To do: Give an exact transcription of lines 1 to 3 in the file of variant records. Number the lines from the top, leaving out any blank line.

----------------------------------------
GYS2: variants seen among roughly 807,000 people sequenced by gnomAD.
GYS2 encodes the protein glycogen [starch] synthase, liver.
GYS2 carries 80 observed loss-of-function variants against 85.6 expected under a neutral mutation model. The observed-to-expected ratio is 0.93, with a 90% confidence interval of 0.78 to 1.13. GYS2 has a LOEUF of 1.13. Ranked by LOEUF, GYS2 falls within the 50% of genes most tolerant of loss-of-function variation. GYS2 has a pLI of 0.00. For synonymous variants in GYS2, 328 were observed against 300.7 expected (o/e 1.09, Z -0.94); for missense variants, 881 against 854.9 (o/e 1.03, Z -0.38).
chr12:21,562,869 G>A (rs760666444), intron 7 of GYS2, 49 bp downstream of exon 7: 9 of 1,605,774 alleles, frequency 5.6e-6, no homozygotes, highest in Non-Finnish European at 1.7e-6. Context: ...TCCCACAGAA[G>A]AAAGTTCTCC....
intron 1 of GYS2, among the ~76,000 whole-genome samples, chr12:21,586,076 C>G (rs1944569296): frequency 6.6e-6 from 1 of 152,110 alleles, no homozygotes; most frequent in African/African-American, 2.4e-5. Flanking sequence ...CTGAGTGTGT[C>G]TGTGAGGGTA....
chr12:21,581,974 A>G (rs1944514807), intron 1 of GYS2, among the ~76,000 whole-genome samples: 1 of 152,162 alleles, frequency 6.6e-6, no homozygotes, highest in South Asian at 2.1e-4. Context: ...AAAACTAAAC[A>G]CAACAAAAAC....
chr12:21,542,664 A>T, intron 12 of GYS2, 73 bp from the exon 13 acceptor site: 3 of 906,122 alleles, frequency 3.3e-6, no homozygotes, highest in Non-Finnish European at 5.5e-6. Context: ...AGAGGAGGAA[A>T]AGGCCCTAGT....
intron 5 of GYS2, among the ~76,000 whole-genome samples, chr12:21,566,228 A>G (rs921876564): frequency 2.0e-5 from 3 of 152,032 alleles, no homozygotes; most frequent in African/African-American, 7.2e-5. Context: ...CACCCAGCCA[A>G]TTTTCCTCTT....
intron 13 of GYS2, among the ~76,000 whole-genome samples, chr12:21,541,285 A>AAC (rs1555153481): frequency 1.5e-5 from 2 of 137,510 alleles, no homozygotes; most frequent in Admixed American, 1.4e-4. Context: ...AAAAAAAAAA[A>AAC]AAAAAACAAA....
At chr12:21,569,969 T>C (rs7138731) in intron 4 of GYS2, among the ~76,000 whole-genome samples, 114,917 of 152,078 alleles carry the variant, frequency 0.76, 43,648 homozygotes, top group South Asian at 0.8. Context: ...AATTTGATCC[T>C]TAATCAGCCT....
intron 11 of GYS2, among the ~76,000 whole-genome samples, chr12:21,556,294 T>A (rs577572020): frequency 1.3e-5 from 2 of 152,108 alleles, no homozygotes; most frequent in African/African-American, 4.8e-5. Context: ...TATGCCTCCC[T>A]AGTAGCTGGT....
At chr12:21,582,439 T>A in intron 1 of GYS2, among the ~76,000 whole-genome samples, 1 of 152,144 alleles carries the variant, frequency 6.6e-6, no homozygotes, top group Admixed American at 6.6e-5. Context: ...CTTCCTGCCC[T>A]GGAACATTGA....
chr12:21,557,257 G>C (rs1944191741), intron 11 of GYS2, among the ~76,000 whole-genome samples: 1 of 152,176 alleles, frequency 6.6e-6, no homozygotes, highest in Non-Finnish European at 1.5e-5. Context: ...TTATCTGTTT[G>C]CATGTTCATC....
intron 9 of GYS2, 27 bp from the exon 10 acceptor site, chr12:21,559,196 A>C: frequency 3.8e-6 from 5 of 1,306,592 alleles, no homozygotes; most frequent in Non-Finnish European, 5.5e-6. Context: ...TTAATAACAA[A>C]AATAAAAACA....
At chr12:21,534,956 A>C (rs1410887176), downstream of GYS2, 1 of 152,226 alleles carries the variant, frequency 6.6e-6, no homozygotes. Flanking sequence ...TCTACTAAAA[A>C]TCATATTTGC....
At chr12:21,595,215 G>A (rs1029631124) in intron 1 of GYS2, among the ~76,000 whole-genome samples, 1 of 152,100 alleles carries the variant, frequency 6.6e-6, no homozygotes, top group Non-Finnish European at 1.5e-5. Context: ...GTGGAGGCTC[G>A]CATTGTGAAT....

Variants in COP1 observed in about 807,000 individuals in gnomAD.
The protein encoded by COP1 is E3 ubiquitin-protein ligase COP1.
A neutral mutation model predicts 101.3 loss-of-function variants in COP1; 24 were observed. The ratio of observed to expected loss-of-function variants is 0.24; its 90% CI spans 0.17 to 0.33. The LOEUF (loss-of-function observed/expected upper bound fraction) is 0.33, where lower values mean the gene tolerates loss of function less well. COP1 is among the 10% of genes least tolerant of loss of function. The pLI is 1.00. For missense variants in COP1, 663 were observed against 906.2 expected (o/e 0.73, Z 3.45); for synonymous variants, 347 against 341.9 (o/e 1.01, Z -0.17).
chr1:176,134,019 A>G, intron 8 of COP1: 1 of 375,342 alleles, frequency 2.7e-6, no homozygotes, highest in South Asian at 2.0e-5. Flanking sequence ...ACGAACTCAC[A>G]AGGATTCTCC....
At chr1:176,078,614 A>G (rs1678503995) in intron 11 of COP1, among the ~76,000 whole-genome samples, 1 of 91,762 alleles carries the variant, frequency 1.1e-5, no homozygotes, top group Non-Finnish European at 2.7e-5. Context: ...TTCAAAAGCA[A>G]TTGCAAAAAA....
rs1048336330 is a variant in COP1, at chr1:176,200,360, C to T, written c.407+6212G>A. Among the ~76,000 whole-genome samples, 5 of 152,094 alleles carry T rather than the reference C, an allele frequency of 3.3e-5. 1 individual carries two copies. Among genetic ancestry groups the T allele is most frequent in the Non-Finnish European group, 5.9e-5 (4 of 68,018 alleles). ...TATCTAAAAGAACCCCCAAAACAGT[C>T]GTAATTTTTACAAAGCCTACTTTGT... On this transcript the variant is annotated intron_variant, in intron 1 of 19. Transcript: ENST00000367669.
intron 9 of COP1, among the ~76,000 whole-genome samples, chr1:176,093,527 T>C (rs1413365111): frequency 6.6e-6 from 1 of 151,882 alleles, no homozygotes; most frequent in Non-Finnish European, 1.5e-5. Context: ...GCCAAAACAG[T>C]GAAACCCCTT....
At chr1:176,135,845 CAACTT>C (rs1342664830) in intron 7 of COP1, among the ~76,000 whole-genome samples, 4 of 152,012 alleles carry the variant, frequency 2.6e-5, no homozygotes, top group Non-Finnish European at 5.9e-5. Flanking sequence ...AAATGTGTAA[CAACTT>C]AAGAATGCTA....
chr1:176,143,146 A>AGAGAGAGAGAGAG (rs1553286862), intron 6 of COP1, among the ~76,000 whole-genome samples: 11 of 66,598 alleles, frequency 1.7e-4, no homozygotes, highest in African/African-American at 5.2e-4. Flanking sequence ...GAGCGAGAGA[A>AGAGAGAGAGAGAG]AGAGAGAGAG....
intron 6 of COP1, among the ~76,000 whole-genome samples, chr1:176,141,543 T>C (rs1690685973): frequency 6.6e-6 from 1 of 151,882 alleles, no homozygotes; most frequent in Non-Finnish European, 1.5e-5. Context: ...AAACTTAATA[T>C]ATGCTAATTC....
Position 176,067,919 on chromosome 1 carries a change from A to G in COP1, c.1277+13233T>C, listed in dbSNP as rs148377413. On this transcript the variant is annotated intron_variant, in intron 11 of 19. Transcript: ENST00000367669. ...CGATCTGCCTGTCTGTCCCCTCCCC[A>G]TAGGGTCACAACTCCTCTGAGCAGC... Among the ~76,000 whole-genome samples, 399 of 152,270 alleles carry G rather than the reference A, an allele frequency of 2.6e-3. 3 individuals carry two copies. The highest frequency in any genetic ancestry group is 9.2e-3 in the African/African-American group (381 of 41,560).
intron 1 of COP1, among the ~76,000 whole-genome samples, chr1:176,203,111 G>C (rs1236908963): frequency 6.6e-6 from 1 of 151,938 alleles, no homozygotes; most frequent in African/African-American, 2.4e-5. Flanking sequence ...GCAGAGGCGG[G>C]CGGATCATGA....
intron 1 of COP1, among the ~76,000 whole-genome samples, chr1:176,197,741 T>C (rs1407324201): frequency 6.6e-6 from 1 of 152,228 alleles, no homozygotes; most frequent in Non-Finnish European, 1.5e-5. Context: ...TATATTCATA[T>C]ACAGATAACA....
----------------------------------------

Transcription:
GYS2: variants seen among roughly 807,000 people sequenced by gnomAD.
GYS2 encodes the protein glycogen [starch] synthase, liver.
GYS2 carries 80 observed loss-of-function variants against 85.6 expected under a neutral mutation model. The observed-to-expected ratio is 0.93, with a 90% confidence interval of 0.78 to 1.13. GYS2 has a LOEUF of 1.13. Ranked by LOEUF, GYS2 falls within the 50% of genes most tolerant of loss-of-function variation. GYS2 has a pLI of 0.00. For synonymous variants in GYS2, 328 were observed against 300.7 expected (o/e 1.09, Z -0.94); for missense variants, 881 against 854.9 (o/e 1.03, Z -0.38).